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Gender and its Impact on Men’s Health 2nd Year Sex, Gender and Medicine Seminar Rob McLachlan Deputy Director of Endocrinology Monash Medical Centre Australia.

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Presentation on theme: "Gender and its Impact on Men’s Health 2nd Year Sex, Gender and Medicine Seminar Rob McLachlan Deputy Director of Endocrinology Monash Medical Centre Australia."— Presentation transcript:

1 Gender and its Impact on Men’s Health 2nd Year Sex, Gender and Medicine Seminar Rob McLachlan Deputy Director of Endocrinology Monash Medical Centre Australia

2 Since mid-1980s, gender-based inequalities in health of women have been acknowledged by policy makers and health service planners Only in recent years that inequalities in health outcomes for men have received attention Gender differences in health

3 Gender Health perspective – where are the men? l Andrology = the study of health matters that relate to being male – u Reproductive u Non-reproductive F CVS disease F lifestyle/behaviours

4 Limited prevalence men’s reproductive health data available (AIHW report: Reproductive Health Indicators in Australia, 2002) Men’s health policy at State level is variable Government policy

5 Consequences l Limited community awareness l Limited GP access - availability of ‘Well Men’s’ approach cw women l Doctors are male- healthy or otherwise l Patients are male – single or partnered l Vulnerable to exploitative commercial ‘Men’s Health’ clinics

6 What is the formal status of andrology at the governmental, or educational level? l Andrology Australia – funded by Communicable Disease and Health Protection Branch of Dept Health (in the HIV/Hepatitis section). What the……?? l World Health Organization – Gender = women l Only one Prof. of Andrology in Australia l No specific Australia curricula in andrology - teaching fragmented between urology, internal medicine endocrinology and O&G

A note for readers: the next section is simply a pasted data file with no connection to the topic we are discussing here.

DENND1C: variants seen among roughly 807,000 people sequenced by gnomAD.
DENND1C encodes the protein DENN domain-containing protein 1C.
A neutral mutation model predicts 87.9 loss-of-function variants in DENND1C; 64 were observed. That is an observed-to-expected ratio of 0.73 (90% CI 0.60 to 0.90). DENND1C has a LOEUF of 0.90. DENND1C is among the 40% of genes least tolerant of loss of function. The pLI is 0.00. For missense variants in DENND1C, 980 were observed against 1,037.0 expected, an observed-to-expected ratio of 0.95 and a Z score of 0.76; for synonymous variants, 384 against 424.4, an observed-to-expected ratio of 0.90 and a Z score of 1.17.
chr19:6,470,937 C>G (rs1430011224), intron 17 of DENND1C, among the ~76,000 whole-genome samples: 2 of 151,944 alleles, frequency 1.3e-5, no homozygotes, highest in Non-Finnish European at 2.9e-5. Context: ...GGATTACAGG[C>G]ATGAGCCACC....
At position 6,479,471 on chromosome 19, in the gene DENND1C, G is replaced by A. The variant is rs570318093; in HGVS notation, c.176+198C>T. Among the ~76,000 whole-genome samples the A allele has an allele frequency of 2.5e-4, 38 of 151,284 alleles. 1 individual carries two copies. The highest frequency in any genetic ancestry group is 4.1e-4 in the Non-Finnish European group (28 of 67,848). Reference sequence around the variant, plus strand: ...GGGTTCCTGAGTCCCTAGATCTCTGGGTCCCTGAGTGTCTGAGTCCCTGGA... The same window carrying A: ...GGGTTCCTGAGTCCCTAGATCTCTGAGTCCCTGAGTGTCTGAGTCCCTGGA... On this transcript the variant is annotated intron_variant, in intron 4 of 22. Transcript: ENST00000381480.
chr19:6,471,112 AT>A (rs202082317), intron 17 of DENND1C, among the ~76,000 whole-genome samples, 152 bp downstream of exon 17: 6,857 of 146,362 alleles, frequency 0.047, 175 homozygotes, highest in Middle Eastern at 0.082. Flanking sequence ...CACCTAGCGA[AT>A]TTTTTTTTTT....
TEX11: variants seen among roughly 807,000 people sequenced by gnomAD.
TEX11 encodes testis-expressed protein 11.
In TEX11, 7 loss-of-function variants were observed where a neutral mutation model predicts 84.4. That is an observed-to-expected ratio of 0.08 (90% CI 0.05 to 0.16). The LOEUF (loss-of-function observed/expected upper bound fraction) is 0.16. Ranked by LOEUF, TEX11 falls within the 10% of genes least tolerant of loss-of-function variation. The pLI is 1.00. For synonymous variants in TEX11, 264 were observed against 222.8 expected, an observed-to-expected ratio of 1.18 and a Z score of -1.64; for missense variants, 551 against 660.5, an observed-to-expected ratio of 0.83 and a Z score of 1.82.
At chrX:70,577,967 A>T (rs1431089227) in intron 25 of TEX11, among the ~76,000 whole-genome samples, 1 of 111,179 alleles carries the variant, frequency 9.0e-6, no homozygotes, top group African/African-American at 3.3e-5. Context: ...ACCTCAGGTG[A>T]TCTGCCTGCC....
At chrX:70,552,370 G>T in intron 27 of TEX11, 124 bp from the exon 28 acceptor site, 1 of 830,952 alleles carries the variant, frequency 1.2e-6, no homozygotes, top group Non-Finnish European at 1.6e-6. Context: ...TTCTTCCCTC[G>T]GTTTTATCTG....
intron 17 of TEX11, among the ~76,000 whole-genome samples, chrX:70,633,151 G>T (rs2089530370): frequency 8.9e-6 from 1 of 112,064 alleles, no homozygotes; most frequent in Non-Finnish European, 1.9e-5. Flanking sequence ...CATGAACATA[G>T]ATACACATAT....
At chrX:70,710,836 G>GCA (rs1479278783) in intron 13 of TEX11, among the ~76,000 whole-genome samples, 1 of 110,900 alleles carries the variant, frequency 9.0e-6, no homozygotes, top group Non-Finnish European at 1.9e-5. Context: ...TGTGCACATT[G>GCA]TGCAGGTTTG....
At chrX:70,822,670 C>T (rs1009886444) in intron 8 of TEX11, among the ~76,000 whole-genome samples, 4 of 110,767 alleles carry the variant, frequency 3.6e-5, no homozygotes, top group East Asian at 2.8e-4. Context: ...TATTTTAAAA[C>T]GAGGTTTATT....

7 Men use health services at a lower rate Men experience higher rates of CVS and cancer Men die 5 years earlier than women Men experience higher rates of accidents and injuries, including suicide Gender differences in health* A variety of risk behaviours contribute to poorer health status

8 Reproductive disorders are common  prevalence with  age Significantly effect quality of life Does Society educate and ‘allow’ boys and men to seek help? Are medical staff ready to listen? Do doctors feel comfortable with issues? Male health issues

9 Approx. 50% of Australian men may experience some type of prostate problem at some stage of their life Prostate diseases: -Benign enlargement -Prostatitis (inflammation of the prostate) -Cancer (10,055 new cases and 2,644 deaths recorded, AIHW 1997) Compare community-medical recognition with that of female breast disease Prostate disease

10 One in 200 men under 60 years Klinefelter’s syndrome 1:650 males – 75% escape diagnosis lifelong – diagnosis 10 seconds - effects of this neglect ?Education of boys/men ?Education and willingness of doctors to assess Androgen Deficiency

11 The inability to achieve and/or maintain an erection that allows sexual intercourse. About 30% of men over age 50 have erectile dysfunction (impotence) Marker of underlying heart disease and diabetes Effects quality of life and relationships Why is ED hilarious - ? fear ?embarrassment Erectile Dysfunction

12 In Australia 550 new cases annually Peak ages of 18 and 39 years, it is the second most common cancer in Australia Why do some men present late with obvious mass? Testicular Cancer

13 Affects about one man in 20 40% of infertile couples using IVF Infertility major stress Fertility = virility Anger- guilt – relationships - coping Male Infertility

14 Andrology Australia (Australian Centre of Excellence in Male Reproductive Health) aims to enhance the reproductive health of males by programs focusing on community and professional education and research For more information visit


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